1. Overview of Canadian Citizenship
Canadian citizenship is a status granted to individuals who meet specific eligibility criteria set by the Government of Canada. Becoming a Canadian citizen offers numerous benefits, including the right to vote, access to social benefits, and the ability to hold a Canadian passport. For many immigrants, acquiring Canadian citizenship represents the final step in their journey towards establishing a new life in the country.
2. Understanding Deportation Orders
Definition and Types of Deportation Orders
A deportation order is a legal document issued by Canadian immigration authorities, instructing a foreign national to leave Canada. There are three main types of removal orders:
- Departure Order: Requires the foreign national to leave Canada within 30 days after the order becomes enforceable.
- Exclusion Order: Prohibits the foreign national from returning to Canada for a specified period, usually one or two years.
- Deportation Order: Results in a permanent ban on the foreign national’s return to Canada unless they receive written authorization from an immigration officer.
For more information on removal orders, visit the Government of Canada’s website.
Reasons for Issuing Deportation Orders
Deportation orders can be issued for various reasons, including:
- Failure to comply with the conditions of a temporary resident permit or visa.
- Misrepresentation or fraud on immigration applications.
- Criminal convictions or involvement in criminal activities.
- National security concerns.
- Human or international rights violations.
- Overstaying a visa or working without authorization.
For a comprehensive list of reasons, consult the Immigration and Refugee Protection Act.
Consequences of Deportation Orders
A deportation order has severe consequences for the affected individual. These may include:
- Loss of legal status in Canada.
- Inadmissibility to Canada, barring re-entry without written authorization.
- Detention and removal from Canada.
- Possible impact on future immigration applications.
- Criminal charges and penalties if the person re-enters Canada without authorization.
For detailed information on the consequences of deportation orders, refer to the Canada Border Services Agency (CBSA).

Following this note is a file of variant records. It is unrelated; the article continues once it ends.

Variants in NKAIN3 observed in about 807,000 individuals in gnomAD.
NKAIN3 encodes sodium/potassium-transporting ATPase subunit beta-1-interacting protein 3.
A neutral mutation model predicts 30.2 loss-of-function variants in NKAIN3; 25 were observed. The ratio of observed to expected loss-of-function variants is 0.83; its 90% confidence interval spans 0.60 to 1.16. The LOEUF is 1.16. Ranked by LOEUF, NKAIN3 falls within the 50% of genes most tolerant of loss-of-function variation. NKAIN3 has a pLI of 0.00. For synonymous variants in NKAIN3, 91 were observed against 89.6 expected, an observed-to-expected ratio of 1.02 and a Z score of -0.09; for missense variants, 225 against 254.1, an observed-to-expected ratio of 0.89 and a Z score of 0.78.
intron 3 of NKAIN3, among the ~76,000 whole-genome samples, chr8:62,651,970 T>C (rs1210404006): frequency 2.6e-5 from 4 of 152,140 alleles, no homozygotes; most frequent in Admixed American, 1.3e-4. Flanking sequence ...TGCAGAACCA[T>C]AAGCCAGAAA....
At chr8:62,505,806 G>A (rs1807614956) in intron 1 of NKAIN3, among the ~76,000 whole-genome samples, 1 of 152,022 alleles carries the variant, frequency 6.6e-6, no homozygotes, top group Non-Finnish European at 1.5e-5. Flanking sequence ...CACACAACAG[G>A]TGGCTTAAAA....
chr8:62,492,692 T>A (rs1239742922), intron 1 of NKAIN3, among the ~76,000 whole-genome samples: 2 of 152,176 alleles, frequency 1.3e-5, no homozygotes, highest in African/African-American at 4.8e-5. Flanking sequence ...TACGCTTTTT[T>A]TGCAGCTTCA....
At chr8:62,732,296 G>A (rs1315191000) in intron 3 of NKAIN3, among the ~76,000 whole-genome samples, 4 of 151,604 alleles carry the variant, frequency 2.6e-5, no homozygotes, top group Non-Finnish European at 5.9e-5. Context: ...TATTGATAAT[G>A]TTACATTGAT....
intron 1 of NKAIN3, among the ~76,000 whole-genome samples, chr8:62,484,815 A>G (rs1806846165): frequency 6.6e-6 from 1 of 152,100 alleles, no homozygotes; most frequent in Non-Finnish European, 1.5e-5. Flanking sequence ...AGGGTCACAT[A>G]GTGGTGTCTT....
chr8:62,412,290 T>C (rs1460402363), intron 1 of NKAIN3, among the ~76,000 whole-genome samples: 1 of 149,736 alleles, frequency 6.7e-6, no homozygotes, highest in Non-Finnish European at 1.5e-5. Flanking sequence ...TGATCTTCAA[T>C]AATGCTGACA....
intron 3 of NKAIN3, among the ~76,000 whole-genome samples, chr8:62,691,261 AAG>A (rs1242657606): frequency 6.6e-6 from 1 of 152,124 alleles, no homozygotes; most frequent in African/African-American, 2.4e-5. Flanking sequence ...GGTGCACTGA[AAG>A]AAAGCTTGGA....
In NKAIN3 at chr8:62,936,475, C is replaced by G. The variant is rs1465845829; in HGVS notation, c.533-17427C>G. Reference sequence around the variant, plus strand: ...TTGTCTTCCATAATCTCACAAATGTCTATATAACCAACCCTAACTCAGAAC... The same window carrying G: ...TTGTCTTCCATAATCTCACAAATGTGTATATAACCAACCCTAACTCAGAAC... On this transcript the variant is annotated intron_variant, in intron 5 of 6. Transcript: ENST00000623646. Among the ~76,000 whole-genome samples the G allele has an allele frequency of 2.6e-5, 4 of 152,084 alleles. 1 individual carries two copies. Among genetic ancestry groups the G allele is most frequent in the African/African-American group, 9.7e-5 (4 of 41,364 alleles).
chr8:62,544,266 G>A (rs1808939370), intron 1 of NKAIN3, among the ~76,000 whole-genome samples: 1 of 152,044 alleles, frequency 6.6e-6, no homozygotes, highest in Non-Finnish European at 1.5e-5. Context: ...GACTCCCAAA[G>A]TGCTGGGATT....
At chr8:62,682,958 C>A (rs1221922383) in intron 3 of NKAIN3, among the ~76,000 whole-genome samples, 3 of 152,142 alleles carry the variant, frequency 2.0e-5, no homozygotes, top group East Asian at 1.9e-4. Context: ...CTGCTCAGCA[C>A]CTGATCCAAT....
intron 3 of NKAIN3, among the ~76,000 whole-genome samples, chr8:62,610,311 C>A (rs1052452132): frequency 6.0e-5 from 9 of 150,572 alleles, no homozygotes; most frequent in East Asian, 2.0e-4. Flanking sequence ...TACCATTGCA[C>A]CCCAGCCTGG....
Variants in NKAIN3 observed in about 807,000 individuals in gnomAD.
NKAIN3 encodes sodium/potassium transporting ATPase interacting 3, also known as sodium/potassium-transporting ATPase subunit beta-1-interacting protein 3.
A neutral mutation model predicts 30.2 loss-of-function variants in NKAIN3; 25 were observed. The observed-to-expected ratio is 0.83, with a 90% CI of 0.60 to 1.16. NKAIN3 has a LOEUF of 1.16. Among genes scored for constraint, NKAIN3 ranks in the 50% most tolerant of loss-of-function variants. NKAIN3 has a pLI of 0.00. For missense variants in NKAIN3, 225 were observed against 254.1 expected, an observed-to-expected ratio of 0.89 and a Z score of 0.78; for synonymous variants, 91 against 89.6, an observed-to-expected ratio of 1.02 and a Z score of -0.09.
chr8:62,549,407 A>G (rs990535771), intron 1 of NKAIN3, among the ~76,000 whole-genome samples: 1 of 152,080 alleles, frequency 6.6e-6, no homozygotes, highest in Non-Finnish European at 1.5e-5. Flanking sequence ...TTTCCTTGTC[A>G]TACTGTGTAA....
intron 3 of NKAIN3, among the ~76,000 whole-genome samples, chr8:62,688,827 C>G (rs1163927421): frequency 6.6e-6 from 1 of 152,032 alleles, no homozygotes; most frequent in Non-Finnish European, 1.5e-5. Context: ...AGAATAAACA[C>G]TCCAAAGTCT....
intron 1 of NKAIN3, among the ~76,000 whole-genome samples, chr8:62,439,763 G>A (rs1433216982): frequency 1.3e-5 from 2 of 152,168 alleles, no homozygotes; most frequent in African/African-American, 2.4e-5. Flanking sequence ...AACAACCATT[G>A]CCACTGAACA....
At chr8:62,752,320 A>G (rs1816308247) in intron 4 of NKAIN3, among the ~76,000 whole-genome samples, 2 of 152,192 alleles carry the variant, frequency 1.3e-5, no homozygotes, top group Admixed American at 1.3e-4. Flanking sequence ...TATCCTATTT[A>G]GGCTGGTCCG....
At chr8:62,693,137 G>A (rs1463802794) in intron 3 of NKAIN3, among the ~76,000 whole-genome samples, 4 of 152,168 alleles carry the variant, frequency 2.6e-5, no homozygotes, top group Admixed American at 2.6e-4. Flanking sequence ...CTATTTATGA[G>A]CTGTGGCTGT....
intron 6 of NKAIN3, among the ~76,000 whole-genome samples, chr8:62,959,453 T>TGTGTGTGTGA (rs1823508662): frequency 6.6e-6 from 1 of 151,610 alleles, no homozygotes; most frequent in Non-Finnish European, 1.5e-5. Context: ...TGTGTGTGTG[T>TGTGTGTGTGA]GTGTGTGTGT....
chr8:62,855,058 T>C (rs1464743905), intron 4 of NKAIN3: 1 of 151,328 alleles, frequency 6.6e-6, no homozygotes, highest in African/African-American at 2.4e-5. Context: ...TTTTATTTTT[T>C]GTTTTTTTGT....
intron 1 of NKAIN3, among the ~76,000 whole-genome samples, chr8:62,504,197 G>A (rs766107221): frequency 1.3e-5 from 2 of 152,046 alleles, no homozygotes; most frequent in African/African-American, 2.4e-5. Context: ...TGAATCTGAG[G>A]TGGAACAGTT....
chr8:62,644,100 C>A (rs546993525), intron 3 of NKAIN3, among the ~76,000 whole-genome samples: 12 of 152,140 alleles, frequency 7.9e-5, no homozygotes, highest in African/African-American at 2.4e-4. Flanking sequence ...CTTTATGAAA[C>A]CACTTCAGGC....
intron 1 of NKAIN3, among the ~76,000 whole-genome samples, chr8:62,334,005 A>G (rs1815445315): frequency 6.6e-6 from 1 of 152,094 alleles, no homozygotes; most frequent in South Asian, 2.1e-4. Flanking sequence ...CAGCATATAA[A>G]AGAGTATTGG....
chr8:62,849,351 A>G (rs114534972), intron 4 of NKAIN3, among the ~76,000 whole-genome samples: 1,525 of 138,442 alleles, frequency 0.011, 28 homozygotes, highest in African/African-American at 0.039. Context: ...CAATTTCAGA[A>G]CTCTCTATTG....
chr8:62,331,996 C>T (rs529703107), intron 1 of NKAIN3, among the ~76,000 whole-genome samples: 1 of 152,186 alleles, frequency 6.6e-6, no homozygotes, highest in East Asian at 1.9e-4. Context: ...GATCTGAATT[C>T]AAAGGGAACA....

3. Canadian Citizenship Requirements
General Eligibility Criteria
To be eligible for Canadian citizenship, applicants must meet the following general criteria:
- Be a permanent resident of Canada.
- Have lived in Canada for at least 1,095 days within the five years before applying.
- Have filed income taxes, if required.
- Prove their language skills in English or French.
- Pass a citizenship test on Canada’s history, values, institutions, and symbols.
For more information on eligibility requirements, visit the Government of Canada’s website.
Applicants must have physically lived in Canada for a minimum of 1,095 days within the five years before applying for citizenship. This requirement ensures that the applicant has established strong ties to the country and has had the opportunity to integrate into Canadian society.
Applicants must demonstrate adequate proficiency in either English or French, Canada’s official languages. Language skills are assessed through an approved language test, evidence of completing secondary or post-secondary education in English or French, or government-funded language training.
Knowledge of Canada
Applicants must pass a citizenship test that evaluates their knowledge of Canada’s history, values, institutions, and symbols. This test ensures that new citizens understand the rights and responsibilities of Canadian citizenship and are familiar with the country’s cultural, political, and social landscape.
Criminal History and Security
Canadian citizenship applicants must not pose a threat to Canada’s security or have a criminal history that would make them inadmissible. A criminal background check is conducted as part of the application process. Those with serious criminal records or involvement in activities that threaten Canada’s safety may be denied citizenship.
4. Impact of a Deportation Order on Canadian Citizenship Application
Inadmissibility to Canada
A deportation order results in the person being inadmissible to Canada. Inadmissibility is a significant barrier to applying for Canadian citizenship, as one must have permanent resident status and meet the residency requirements to be eligible. Being inadmissible means the individual cannot obtain or maintain permanent resident status, making it impossible to apply for citizenship.
Effect on Permanent Residency Status
A deportation order can lead to the loss of permanent resident status, further complicating the path to citizenship. Without permanent resident status, an individual cannot meet the basic eligibility requirements for Canadian citizenship.
Possible Waivers and Exceptions
In some cases, waivers or exceptions may be available to individuals with a deportation order. These may include applying for a Temporary Resident Permit, seeking rehabilitation, or requesting an Authorization to Return to Canada (ARC) after leaving the country. However, obtaining a waiver or exception does not guarantee eligibility for Canadian citizenship, and applicants must still meet all other requirements.
For more information on waivers and exceptions, visit the Government of Canada’s website.
5. Addressing a Deportation Order Before Applying for Citizenship
Appealing the Deportation Order